Cyclone a safe dialect of C

Cyclone a safe dialect of C

A brief introduction to Cyclone which is a Safe Dialect of the C Language.

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Ahmed Magdy

June 01, 2012
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  1. Cyclone a safe dialect of C Prepared by: Ahmed Magdy

    Ezzeldin
  2. What is CYCLONE  Cyclone is a safer dialect of

    C that is not vulnerable to buffer overflows, format string attacks, double free bugs, dangling pointer accesses, etc...  It qualifies ordinary C code with some annotations to make it safer.  Cyclone has a special C compiler named ”cyclone” (built on GCC) which supports the special annotations of Cyclone.
  3. How it works Cyclone works on the following aspects to

    make C safer.  Pointers  Regions  Arrays  Structs  Unions  Exceptions  Subtyping  Other Restrictions
  4. Pointers  @nullable : forces NULL-Check when dereferenced  @thin

    : 1 machine word. It does not allow pointer arithmetics.  @fat : 3 machine words. It allows pointer arithmetics forces NULL-Check and Bounds check when dereferenced.  @notnull : It can never be NULL, so it does not need a NULL- Check.  @zeroterm : It is used with strings to do safe pointer arithmetics on pointers by knowing the place of the zero byte delimiter.  @effect(`e) : used to set the memory regions that this pointer can work.  @aqual : used to define aliasability.
  5. Regions  Every pointer is assigned to a region 

    Before dereferencing a pointer cyclone checks if its region is deallocated.  Helps to secure against dangling pointers.  Also important for securing against memory leaks as a data structure like a list or a queue can be assigned to one region, so when we free the region the whole data structure is freed without looping on pointers to free them.
  6. Arrays  Stack Arrays like in C  Heap arrays

    using the word ”new”  Arrays of pointers all pointers must be initialized which make it safer.  Arrays can have the same annotations (qualifiers) as pointers.
  7. Structs  Cyclone structs are like C structs.  Tuples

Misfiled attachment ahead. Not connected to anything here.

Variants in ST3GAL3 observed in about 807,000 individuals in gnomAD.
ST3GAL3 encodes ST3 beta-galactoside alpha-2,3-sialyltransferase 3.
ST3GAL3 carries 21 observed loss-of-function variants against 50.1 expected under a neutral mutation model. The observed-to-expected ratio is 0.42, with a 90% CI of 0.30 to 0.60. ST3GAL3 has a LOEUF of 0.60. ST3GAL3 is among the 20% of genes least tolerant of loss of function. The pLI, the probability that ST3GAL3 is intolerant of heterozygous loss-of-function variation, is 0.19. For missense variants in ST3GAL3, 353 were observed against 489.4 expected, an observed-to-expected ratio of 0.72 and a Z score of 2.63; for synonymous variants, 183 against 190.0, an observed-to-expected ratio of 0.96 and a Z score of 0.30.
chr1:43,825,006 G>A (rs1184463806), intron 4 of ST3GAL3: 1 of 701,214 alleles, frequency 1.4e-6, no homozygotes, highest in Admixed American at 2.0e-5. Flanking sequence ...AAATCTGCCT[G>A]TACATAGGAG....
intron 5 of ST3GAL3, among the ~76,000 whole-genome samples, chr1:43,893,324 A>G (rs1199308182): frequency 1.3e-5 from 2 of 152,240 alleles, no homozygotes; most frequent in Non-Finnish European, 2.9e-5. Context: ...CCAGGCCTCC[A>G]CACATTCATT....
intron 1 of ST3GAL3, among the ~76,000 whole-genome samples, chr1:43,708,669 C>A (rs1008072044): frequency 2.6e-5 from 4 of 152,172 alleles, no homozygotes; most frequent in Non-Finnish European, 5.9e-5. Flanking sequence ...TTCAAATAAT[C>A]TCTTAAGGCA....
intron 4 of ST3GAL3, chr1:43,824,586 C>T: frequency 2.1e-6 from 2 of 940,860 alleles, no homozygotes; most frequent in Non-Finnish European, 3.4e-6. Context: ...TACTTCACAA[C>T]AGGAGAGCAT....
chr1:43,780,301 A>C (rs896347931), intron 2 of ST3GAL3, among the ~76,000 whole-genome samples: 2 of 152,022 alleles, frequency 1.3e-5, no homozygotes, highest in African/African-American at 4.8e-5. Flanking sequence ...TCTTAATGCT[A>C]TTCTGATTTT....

is a form of structs that is not parameterized which means that its fields are accessed by their position (offset) $(int,char,bool) x = $(42,'z',true); if (x[2]) x[0]++;  Tuples are equivalent if they are structurally equivalent.
  8. Unions  Tagged Unions: are unions that save the last

    written field identifier in a tag so that if we try to get the value of another field an exception is thrown. union T a; int x; a.String = "hello, world"; /* Next line fails */ x = a.Integer + 3;  Untagged Pointers: It has no tag to know the last written field but It does not allow to have a pointer as one of its fields to be safer.
  9. Exceptions  Pointers NULL-Check and Bounds check and many other

    checks throw exceptions when they fail.  Makes it easy for the developer to write robust code and take corrective measures on error. FILE *f = fopen("/etc/passwd","r"); int c; try { c = getc((FILE *@notnull)f); } catch { case &Null_Exception: printf("Error: can't open /etc/passwd\n"); exit(1); case &Invalid_argument(s): printf("Error: Invalid_argument(%s)\n",s); exit(1); }
  10. Subtyping  Cyclone allows structural subtyping which allows polymorphism which

    is not allowed in C. typedef struct Point {float x,y;} *point; typedef struct CPoint {float x,y; int color;} *cpoint; float xcoord(point p) { return p->x; }  Note that both Point and CPoint are equal in structure with the exception of the last field in CPoint.
  11. Other Restrictions  Can't cast an integer to a pointer

     Can't do pointer arithmetic on a pointer unless the pointer performs bounds check  Cyclone does not permit gotos from one scope into another.  Can't explicitly free a heap-allocated object, but you can either use regions or the garbage collector to free memory.
  12. References  http://cyclone.thelanguage.org:8181/  "Cyclone: A Type-Safe Dialect of C"

    by Dan Grossman, Michael Hicks, Trevor Jim, and Greg Morrisett  "Region-Based Memory Management in Cyclone" by Dan Grossman, Greg Morrisett, Trevor Jim, Michael Hicks, Yanling Wang, and James Cheney (Computer Science Department, Cornell University)
  13. Thank you